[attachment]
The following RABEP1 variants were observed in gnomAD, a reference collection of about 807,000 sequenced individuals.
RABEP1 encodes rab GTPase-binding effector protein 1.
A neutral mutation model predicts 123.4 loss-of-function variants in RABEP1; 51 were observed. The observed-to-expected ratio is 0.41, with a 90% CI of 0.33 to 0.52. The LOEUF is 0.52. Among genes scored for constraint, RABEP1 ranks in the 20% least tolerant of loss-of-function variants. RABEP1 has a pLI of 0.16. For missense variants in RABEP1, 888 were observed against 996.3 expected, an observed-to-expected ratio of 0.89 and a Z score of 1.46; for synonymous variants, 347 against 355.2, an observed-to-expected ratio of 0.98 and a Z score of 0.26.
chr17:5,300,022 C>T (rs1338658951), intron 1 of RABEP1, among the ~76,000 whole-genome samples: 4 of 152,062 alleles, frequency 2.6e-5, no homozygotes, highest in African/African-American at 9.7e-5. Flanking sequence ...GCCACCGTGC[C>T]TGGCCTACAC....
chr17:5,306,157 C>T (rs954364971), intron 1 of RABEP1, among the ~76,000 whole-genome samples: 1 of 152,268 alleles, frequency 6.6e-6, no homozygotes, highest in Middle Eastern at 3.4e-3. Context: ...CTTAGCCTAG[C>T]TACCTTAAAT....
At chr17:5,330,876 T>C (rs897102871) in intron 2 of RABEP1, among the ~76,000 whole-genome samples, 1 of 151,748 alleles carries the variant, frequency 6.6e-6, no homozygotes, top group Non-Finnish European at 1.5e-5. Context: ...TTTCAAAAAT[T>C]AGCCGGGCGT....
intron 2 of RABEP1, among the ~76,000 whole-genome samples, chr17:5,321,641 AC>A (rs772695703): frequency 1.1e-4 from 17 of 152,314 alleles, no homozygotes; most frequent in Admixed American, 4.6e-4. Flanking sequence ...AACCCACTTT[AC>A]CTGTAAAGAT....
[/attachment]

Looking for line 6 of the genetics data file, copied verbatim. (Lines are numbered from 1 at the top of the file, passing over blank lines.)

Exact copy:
At chr17:5,330,876 T>C (rs897102871) in intron 2 of RABEP1, among the ~76,000 whole-genome samples, 1 of 151,748 alleles carries the variant, frequency 6.6e-6, no homozygotes, top group Non-Finnish European at 1.5e-5. Context: ...TTTCAAAAAT[T>C]AGCCGGGCGT....